The Iranian problem
There has perhaps been no issue where the United States has been more out of step with the major regional players than that of the Iranian nuclear program - and how to prevent an atomic Iran. Biden's team came to power with the idea of reviving an agreement like the one signed by Obama in 2015, a JCPOA 2.0, and has been negotiating in the background promising all kinds of concessions to the Tehran regime.
Iranian leaders have believed that America was surrendering at their feet and, encouraged by the American eagerness to sign an agreement, began to include in their demands things that even the White House could not secure. It began with changes in the anti-terrorism legislation to remove the Iranian Revolutionary Guard from the State Department's list of terrorist organizations. This was followed by the unconstitutional promise that the new agreement can never be modified by a subsequent Administration and ended with the demand that Washington put an end to Israeli strikes on Iranian targets in Syria and Iraq. It must be understood that, for the ayatollahs, the United States and Israel are a continuum and cannot act independently or sovereignly.
Despite increasing Iranian demands, and a White House whose main interest is to sign whatever it takes, regional leaders met with Secretary of State Blinken in what has been called the "Negev summit". Israel hosted the foreign ministers of the Emirates, Bahrain, Egypt and Morocco for the first time, and the main objective was to convey to the American side its concern about the possible signing of a bad agreement with Iran. Moreover, this summit has continued to develop, with the participation of Saudi observers, to establish itself as a new regional security framework in the face of the multiple threats posed by the Iranian regime. These threats range from nuclear to regional terrorism, including the development of long-range missiles and the sponsorship of revolutionary groups throughout the area.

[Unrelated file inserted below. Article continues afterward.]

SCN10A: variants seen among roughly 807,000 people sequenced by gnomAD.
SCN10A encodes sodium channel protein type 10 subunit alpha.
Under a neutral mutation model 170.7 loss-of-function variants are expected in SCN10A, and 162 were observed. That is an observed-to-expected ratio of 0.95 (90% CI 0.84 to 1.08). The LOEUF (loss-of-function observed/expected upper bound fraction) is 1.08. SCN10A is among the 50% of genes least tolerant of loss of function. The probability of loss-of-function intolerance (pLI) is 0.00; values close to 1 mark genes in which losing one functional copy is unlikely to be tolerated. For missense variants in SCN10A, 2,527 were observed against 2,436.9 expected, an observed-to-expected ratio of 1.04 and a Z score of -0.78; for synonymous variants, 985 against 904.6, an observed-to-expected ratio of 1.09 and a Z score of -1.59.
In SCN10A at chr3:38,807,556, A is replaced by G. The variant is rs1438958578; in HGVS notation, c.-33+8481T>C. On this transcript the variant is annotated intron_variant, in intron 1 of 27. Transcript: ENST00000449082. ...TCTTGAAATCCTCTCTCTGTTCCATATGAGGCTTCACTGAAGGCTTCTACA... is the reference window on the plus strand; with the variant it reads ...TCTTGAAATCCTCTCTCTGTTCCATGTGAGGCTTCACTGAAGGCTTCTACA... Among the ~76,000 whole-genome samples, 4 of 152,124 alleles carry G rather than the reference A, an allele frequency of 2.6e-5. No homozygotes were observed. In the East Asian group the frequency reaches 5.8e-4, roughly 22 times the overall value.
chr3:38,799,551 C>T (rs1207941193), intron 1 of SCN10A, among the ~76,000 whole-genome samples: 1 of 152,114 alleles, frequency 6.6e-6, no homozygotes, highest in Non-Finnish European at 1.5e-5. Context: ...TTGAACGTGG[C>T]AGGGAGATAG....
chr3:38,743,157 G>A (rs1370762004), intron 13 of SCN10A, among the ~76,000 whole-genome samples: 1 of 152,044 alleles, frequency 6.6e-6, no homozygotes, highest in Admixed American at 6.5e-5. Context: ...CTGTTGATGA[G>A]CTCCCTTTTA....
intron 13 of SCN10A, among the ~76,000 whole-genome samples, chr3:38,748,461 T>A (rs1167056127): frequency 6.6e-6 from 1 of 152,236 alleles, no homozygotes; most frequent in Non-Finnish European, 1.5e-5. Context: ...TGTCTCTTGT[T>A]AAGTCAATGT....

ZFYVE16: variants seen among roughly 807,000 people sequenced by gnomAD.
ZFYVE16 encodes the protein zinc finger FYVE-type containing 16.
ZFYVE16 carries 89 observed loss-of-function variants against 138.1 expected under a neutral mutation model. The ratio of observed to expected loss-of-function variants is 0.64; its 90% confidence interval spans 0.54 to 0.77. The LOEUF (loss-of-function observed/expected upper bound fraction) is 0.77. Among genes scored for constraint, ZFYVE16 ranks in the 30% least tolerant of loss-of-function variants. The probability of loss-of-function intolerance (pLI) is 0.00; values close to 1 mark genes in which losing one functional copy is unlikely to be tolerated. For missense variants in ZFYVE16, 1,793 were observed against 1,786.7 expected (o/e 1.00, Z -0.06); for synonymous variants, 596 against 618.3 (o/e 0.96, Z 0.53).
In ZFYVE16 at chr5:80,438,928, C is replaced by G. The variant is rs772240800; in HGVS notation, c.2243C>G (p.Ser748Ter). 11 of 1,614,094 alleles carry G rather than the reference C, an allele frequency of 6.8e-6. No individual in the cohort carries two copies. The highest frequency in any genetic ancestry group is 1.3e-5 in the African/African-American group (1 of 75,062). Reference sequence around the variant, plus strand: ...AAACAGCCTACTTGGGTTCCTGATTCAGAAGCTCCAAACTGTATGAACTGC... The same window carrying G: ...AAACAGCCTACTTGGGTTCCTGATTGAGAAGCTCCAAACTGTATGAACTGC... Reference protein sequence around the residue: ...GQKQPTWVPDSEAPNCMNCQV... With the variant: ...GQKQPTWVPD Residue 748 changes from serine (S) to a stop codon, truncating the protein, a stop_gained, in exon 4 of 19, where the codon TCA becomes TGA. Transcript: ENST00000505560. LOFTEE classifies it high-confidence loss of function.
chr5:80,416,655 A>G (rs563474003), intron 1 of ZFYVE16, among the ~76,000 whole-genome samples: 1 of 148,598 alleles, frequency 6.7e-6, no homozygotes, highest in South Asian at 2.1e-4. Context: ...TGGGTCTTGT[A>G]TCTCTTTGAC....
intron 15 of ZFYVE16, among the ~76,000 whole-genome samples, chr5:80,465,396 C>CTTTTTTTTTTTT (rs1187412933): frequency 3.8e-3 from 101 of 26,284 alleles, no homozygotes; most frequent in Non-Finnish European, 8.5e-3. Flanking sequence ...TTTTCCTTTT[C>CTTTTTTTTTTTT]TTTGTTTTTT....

Iranian leaders have believed that America was surrendering at their feet and, encouraged by American eagerness to sign an agreement, began to include in their demands things that even the White House could not secure.
In 2014 and 2015, when Obama was accelerating secret negotiations with Iran to reach the JCPOA agreement, many countries in the region privately expressed their discomfort at the benign treatment accorded to Iran, "the head of the snake", as one regional leader called it. The difference is that now, seven years later, there is a new - and very powerful - element to take into account: Israel's growing relations with all these countries. A normalization that was brought about by the Iranian threat and disbelief in US policies towards the region.
In fact, Biden would not have set foot in Saudi Arabia in the absence of the Russian invasion of Ukraine. He arrives in Riyadh to do what the presidents of the 1980s and 1990s always tried to do: regulate the flow of oil that the Kingdom puts on the international market in order to contain rising inflation. But what they used to get more or less thanks to promises of military protection, is no longer worth it.
This is the New Middle East that Joe Biden will get to know first hand. Whether he gets to know it or not, will depend on his mental acuity and the interests of his advisors, more installed in inertia than in reality.